THE STAR 11/18/2020
A showdown is in the offing as President Uhuru Kenyatta and his handshake partner Raila Odinga launch the signatures drive for the contentious referendum.
There's no public consensus. An NIS report to Uhuru says only 19 per cent of the country wants a referendum - but the drive will begin on Thursday.
The drive means the two have slammed the door on any changes to the disputed Building Bridges Initiative proposals.
Some of its key proposals have drawn widespread strident criticism - and calls for more time and amendments. Raila says just vote 'no' at the ballot if you don't like it.
Deputy President William Ruto has threatened to lead the 'no' campaign in the contested referendum.
On Tuesday, Raila announced the signatures collection drive will begin on Thursday, setting the stage for a do-0r-die battle barely two years to the 2022 General Election.
“On Thursday (tomorrow), me and the President will lead the country in launching the collection of signatures. We want it to be done as quickly as possible so that by latest end of next week we shall have concluded the exercise,”Raila said.
For the first time, it has emerged the BBI secretariat will be led by Uhuru and Raila diehards.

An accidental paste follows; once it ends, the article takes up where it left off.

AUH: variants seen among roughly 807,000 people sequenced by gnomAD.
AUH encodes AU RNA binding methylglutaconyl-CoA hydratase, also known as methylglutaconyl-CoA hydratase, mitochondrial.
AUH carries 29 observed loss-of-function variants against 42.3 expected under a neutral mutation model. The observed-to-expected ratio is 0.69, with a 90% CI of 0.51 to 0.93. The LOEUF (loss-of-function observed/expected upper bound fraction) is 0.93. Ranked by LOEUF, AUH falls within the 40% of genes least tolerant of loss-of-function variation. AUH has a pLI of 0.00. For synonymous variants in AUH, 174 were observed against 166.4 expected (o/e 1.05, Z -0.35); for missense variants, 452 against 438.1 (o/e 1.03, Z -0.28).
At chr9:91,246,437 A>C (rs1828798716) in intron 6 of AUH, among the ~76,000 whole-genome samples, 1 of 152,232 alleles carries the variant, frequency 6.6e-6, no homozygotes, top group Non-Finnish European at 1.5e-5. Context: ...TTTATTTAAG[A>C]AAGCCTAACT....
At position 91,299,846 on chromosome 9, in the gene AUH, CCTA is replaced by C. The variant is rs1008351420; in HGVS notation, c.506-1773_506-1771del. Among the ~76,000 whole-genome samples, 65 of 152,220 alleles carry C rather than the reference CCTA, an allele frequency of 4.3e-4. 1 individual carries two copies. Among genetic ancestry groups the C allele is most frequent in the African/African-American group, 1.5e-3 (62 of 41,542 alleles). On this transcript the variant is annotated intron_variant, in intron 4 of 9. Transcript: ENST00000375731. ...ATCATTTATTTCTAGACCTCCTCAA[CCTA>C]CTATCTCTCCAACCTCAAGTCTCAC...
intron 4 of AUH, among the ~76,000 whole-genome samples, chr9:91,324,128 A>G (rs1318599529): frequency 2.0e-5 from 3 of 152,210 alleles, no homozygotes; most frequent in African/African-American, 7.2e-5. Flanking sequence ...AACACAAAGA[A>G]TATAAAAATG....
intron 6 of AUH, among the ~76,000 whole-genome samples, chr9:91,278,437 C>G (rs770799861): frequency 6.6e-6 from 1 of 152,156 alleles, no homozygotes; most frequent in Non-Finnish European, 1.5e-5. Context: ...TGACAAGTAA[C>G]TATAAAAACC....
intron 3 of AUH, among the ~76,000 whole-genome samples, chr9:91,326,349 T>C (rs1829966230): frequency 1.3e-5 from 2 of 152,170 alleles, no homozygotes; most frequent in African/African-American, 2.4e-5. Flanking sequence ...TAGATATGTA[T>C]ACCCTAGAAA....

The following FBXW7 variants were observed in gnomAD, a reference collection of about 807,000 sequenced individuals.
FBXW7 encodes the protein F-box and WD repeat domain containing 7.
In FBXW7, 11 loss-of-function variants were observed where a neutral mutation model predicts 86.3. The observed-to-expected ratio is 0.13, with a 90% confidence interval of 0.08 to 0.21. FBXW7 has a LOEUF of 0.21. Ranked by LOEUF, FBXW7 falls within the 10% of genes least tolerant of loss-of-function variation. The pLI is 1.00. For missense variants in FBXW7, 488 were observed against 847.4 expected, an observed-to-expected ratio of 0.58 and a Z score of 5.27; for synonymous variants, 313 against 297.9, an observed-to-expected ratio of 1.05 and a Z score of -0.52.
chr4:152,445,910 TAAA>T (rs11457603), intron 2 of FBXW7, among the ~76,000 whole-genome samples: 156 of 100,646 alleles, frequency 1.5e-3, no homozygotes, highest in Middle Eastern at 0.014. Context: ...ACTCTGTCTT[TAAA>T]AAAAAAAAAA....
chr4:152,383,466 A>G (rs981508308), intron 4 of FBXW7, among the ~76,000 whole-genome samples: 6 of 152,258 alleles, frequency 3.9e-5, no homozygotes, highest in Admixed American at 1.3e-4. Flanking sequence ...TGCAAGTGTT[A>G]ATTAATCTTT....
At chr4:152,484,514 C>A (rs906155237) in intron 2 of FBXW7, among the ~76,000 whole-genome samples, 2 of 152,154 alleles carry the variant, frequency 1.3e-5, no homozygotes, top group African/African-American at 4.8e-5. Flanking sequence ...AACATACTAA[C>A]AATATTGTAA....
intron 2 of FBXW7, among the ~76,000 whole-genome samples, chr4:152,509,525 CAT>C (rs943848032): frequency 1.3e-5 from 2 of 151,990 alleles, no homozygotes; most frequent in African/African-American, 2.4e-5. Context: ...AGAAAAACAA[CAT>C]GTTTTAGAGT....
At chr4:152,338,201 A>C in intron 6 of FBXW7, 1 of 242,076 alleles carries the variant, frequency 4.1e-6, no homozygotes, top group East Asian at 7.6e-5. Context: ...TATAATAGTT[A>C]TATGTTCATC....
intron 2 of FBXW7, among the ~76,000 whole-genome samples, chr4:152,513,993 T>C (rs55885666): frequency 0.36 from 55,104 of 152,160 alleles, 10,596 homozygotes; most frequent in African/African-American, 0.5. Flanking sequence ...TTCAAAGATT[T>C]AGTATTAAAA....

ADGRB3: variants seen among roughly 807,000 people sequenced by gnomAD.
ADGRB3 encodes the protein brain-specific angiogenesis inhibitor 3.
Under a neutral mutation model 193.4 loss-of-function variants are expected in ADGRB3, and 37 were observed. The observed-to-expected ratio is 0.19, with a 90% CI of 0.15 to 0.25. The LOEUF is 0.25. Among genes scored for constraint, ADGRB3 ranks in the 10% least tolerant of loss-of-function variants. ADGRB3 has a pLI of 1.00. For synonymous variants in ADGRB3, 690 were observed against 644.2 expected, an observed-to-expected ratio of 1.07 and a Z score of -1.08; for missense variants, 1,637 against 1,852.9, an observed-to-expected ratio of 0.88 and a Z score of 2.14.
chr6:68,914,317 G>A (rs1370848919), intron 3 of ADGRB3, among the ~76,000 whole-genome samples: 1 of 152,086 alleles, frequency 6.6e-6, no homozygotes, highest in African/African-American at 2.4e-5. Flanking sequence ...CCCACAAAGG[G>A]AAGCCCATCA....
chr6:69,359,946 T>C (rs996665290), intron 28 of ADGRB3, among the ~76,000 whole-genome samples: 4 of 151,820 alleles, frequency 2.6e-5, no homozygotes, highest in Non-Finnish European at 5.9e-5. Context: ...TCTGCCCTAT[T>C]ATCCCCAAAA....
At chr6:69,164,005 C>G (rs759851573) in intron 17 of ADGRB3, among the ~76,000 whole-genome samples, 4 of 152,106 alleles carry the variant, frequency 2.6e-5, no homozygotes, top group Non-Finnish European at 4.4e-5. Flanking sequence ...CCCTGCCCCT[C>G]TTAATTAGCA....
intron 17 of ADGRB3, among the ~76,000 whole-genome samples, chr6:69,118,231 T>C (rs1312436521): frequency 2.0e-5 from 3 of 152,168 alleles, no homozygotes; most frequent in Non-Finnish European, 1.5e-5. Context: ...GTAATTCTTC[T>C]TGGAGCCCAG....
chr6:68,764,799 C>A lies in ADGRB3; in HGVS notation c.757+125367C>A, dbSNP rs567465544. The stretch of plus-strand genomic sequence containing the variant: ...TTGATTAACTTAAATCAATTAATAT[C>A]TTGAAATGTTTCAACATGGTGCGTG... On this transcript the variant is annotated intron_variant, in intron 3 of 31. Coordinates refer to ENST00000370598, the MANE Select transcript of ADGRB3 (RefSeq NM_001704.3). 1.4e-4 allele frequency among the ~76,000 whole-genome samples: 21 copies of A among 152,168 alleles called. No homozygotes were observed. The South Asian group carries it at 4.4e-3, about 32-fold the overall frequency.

The Secretariat will be co-chaired by Kisii Woman Representative Janet Ongera and Sarah Kilemi, the wife of former Education assistant Minister Kilemi Mwiria.
Ongera is a Raila confidant and served as ODM executive director for many years, including during the 2010 referendum when Raila was Prime Minister.
Suna East MP Junet Mohamed and former Dagoretti South MP Dennis Waweru will constitute the political wing of the secretariat.
They will be charged with coordinating all the activities and ensure that the BBI referendum sails through the population, county assemblies and Parliament.
Waweru is a staunch supporter of the President who has no time for Ruto.
Raila told reporters they are working on elaborate plans to ensure signatures of registered voters are collected within a week, a record time.
The signatures will be submitted to the Independent Electoral and Boundaries Commission for verification before the year ends.
It is reported signature collection will be spearheaded by the provincial administration — with roots across the country — that is likely to make the exercise a walk in the park.
In 2016, Cord failed to get one million signatures in its Okoa Kenya Referendum drive.
With the door for further amendments bolted, it's clear Kenya is headed for fiercely contested plebiscite.
On Monday, Ruto trashed the BBI recommendations as a "bad document" and warned against refusing to open it for amendments.
He expressed regret the costly two-year product had turned out to be “highly controversial and with so many glaring gaps”.
“Those driving the BBI should not tell Kenyans that they have no time for further amendments. If we cannot enrich the document, then we would end up with a bad Constitution because its work was entirely unprofessional,” the Deputy President said.